In a recent observational study on a sample of patients with herniated lumbar discs who underwent physiotherapy, the recovery rate of those who chose physiotherapy rather than surgery, as recommended, was not appreciably different from that of the other patients, although their prognosis was worse. To investigate whether this finding was due to a confounding effect induced by unobserved features of the patients, we fit a latent class model for the joint distribution of compliance, participation rate and recovery, given the individual attitude (modelled as latent variable) and a set of covariates. The usual assumption of local independence is relaxed in favour of conditional association between the observed variables given the latent one. The results indicate that the latent classes may be interpreted as dividing the patients according to whether they are highly versus moderately motivated towards physiotherapy: conditionally on the covariates, the more motivated subjects attend a larger number of therapy sessions and benefit much more from the therapy. In addition, the fact that the proportion of less motivated patients among non-compliers is very small may be due to a self-selection mechanism, which may explain the surprisingly good performance of physiotherapy for these patients.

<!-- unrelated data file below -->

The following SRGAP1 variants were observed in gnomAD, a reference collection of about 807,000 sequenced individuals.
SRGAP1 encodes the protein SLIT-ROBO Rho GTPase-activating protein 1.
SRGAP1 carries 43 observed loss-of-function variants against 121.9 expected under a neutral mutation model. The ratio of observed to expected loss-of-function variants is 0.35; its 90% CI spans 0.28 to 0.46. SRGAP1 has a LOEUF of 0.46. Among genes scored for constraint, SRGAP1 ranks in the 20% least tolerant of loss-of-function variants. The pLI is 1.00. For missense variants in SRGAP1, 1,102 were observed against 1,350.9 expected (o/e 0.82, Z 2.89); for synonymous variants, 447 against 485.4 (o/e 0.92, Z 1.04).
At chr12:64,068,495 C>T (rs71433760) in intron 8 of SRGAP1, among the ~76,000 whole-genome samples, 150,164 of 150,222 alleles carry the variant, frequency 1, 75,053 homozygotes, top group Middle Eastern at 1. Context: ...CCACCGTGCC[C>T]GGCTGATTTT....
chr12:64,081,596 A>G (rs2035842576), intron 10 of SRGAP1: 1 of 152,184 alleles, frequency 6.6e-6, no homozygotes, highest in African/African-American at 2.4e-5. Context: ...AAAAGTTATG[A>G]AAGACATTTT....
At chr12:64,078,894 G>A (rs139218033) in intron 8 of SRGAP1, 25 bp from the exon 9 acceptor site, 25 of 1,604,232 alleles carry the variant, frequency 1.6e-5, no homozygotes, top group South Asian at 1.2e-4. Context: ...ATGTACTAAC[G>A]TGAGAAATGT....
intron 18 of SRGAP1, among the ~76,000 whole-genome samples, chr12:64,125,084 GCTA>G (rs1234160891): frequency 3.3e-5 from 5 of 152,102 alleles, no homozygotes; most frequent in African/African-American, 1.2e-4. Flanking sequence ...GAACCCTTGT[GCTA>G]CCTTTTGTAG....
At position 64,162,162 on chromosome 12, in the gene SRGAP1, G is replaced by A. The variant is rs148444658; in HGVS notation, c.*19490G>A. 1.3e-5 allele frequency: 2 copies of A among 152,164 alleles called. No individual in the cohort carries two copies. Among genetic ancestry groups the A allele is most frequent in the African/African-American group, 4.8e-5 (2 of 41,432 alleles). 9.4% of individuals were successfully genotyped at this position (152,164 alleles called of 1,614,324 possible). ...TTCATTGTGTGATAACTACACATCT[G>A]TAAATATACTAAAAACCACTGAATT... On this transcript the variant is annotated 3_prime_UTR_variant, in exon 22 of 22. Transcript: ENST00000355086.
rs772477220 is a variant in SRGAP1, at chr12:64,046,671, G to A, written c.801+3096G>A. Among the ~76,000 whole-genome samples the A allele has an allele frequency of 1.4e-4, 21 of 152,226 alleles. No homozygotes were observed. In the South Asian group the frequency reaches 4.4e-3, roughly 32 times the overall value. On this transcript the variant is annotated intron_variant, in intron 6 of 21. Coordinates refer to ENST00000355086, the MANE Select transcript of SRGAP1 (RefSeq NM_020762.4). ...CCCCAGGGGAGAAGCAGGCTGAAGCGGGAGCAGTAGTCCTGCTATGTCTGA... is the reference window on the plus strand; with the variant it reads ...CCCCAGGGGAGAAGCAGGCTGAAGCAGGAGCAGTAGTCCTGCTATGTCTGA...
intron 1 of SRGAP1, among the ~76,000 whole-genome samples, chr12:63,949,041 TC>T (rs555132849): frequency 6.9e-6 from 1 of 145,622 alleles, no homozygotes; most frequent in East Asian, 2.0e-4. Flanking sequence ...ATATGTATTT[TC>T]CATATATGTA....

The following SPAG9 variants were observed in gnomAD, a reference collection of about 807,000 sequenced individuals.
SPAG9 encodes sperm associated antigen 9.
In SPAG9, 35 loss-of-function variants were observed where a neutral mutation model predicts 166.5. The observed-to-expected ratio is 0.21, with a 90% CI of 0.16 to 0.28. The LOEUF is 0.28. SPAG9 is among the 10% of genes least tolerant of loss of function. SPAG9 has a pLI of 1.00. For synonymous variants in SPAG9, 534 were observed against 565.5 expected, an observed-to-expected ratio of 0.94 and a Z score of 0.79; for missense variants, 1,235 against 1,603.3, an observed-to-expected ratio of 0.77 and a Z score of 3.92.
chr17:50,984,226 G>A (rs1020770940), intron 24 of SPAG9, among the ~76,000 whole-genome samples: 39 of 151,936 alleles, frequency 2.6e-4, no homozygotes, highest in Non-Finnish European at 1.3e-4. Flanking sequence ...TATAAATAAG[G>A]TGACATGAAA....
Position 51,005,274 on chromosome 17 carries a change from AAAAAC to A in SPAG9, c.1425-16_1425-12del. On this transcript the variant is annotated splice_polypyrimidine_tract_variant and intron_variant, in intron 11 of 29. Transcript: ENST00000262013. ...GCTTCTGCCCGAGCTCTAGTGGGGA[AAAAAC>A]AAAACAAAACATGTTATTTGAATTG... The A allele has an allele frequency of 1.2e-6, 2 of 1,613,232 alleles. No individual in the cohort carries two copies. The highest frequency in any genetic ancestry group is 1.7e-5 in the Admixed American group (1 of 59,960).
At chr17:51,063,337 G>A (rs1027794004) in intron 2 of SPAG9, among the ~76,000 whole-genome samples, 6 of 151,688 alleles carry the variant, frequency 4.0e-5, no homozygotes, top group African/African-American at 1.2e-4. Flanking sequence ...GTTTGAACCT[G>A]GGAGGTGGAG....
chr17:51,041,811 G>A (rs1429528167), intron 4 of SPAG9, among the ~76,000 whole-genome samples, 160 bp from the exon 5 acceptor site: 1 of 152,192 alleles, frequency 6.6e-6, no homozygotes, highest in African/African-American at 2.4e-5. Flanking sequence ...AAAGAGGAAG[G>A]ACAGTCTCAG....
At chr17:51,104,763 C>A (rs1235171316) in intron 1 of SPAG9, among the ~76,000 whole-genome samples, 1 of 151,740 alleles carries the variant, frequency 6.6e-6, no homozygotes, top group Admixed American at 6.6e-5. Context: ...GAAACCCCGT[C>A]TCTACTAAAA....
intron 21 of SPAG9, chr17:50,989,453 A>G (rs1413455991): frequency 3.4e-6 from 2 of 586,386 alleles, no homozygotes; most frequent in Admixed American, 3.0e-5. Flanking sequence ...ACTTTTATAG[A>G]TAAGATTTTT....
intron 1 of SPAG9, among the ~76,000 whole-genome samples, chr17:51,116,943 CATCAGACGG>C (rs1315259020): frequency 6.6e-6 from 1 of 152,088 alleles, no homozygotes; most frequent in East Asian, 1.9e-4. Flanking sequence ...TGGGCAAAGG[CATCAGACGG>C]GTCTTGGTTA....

Non-compliance in surgical patients with herniated lumbar discs: an application of an extended latent class model to selection model

STANGHELLINI, Elena
2011

Abstract

In a recent observational study on a sample of patients with herniated lumbar discs who underwent physiotherapy, the recovery rate of those who chose physiotherapy rather than surgery, as recommended, was not appreciably different from that of the other patients, although their prognosis was worse. To investigate whether this finding was due to a confounding effect induced by unobserved features of the patients, we fit a latent class model for the joint distribution of compliance, participation rate and recovery, given the individual attitude (modelled as latent variable) and a set of covariates. The usual assumption of local independence is relaxed in favour of conditional association between the observed variables given the latent one. The results indicate that the latent classes may be interpreted as dividing the patients according to whether they are highly versus moderately motivated towards physiotherapy: conditionally on the covariates, the more motivated subjects attend a larger number of therapy sessions and benefit much more from the therapy. In addition, the fact that the proportion of less motivated patients among non-compliers is very small may be due to a self-selection mechanism, which may explain the surprisingly good performance of physiotherapy for these patients.
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Utilizza questo identificativo per citare o creare un link a questo documento: http://hdl.handle.net/11391/41772
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